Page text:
An interview with N. S. Dolkart

Written by [Articles / Interviews]

Risingshadow has had the honour of interviewing N. S. Dolkart, who is the author of Silent Hall (Angry Robot Books, 2016).

About N. S. Dolkart

N. S. Dolkart, otherwise known as Noah, was home-schooled until high school by his Israeli father and American mother, and is a graduate of the notorious Hampshire College in Amherst, Massachusetts. He studied creative writing and Jewish studies there.

By day, he leads activities in a non-profit nursing home, where he also trains fellow staff in caring for dementia patients. He writes his tales of magic and Godhood late at night, and doesn’t sleep much.

Silent Hall is his first novel.

You can find Noah online at his website:, and on Twitter@N_S_Dolkart.

About Silent Hall

Five bedraggled refugees and a sinister wizard awaken a dragon and defy the gods.

After their homeland is struck with a deadly plague, five refugees cross the continent searching for answers. Instead they find Psander, a wizard whose fortress is invisible to the gods, and who is willing to sacrifice anything – and anyone – to keep the knowledge of the wizards safe.

With Psander as their patron, the refugees cross the mountains, brave the territory of their sworn enemies, confront a hostile ocean and even traverse the world of the fairies in search of magic powerful enough to save themselves – and Psander’s library – from the wrath of the gods.

All they need to do is to rescue an imprisoned dragon and unleash a primordial monster upon the world.

How hard could it be?


- Could you tell us something about yourself in your own words?

25-34 year old white male, just under 5'8" and weighing approximately 165 pounds, last seen driving west down Main Street in a gray Honda Civic after definitely not doing anything illegal. I'm totally innocent!

I'm cis, liberal, Jewish, and really very friendly. I used to read Torah in synagogue much more often than I do now, and I'll probably go back to it when my kids are a little older. I draw a lot of inspiration from the Torah as it's written, especially when I can ignore the centuries of commentary and take ideas in a totally different direction. So who cares if "herding the wind" was an ancient expression meaning "attempting something futile" -- I want to write a story about an actual wind herder!

Both of my children have Arabic names, either first or middle. Not coincidentally, they're Hebrew names as well. We strongly believe in emphasizing the similarities with our ethnic and religious cousins. We believe not just in peace, but in kinship.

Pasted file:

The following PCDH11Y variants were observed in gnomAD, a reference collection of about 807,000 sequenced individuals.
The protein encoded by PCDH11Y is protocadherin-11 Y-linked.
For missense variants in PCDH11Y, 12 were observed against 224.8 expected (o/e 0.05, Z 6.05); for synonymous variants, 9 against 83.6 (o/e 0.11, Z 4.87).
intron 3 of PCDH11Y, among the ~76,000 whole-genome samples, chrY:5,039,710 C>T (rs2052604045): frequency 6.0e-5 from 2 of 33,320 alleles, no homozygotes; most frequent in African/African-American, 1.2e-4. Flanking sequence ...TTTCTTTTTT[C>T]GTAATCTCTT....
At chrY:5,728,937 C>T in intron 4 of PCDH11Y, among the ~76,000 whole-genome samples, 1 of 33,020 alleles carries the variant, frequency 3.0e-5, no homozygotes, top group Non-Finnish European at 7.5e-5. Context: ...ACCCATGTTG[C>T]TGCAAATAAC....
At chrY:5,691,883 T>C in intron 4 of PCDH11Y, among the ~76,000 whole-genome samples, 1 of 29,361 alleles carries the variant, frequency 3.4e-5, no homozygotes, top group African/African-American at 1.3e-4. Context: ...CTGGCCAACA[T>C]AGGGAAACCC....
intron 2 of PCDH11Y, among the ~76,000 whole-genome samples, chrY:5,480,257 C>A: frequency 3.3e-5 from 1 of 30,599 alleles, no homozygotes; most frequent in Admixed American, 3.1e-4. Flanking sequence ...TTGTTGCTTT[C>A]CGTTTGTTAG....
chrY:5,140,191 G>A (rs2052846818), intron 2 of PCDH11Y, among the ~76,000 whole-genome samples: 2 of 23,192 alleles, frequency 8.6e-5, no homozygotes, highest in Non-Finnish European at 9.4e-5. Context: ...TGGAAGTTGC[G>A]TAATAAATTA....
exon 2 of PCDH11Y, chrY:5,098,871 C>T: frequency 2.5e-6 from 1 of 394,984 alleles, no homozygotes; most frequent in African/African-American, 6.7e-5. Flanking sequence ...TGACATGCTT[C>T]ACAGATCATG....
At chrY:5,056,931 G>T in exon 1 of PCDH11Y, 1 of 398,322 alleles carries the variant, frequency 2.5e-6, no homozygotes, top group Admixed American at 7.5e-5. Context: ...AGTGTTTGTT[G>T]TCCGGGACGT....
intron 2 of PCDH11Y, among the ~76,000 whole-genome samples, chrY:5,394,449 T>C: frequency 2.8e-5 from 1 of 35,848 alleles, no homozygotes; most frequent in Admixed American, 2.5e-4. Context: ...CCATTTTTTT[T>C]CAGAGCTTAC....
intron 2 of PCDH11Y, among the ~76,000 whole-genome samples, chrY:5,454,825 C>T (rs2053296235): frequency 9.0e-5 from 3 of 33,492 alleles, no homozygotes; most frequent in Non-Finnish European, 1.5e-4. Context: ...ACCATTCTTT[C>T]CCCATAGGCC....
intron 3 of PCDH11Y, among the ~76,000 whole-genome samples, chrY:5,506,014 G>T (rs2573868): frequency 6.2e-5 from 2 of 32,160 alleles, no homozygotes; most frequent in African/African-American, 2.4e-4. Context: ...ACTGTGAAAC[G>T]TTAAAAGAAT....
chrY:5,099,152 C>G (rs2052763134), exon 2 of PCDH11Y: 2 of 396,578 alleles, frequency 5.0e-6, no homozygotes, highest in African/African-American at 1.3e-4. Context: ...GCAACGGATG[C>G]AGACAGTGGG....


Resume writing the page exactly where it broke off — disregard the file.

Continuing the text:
- How did you become a fantasy author? Have you always been interested in fantasy fiction?

Always. I grew up reading Diana Wynne Jones, and even wrote to her once on her website, for writing advice / encouragement (she didn't answer, but it was also kind of a stupid question). I loved the Chronicles of Prydain as well, and adored the Golden Compass (I read the rest of His Dark Materials too, but thought he handled Lyra's coming of age poorly, especially in The Subtle Knife). I enjoyed the Young Wizard series by Diane Duane too, despite growing uncomfortable with its Christian bent.

There's a huge amount of fantasy out there that's basically Christian, following in C.S. Lewis' footsteps, and a lot less that's quintessentially Jewish. I think it was the dissonance of loving fantasy as a genre and at the same time being vaguely uncomfortable with all the Christian allegory that pushed me into believing that I had something to add to the literature. Then again, maybe it's just that I loved fantasy and also loved writing stories, and it just made sense for me to combine those two passions.

- What kind of novels and stories do you like to read? Have any of them been an important point of inspiration to you?

See above. I love reading fantasy in particular, though now and again I'll branch out to something else if the writing is good enough. I wouldn't normally have been interested in John Irving's plots or settings, but holy cow that guy can write an amazing sentence.

- You're the author of the fantasy novel Silent Hall (Angry Robot Books, 2016). What inspired you to write it?

I wanted to write a story about humanity caught in the cross-hairs between warring gods, and what it would be like to try to survive in that kind of world. In Greek mythology, Egyptian mythology, and even in the Bible, you get the distinct impression that getting a god's attention is almost universally a bad thing. I haven't read much fantasy that starts from the same premise, so I thought I'd write it.

- Was it challenging to create a story that takes place in a fictional world?

Oh, I find that much easier than creating a story that takes place in our world! I'm too afraid of getting important details wrong, which is much less of a problem when you can just make stuff up. If I say that some island's economy is built on exporting a rare variety of seaweed, nobody can contradict me.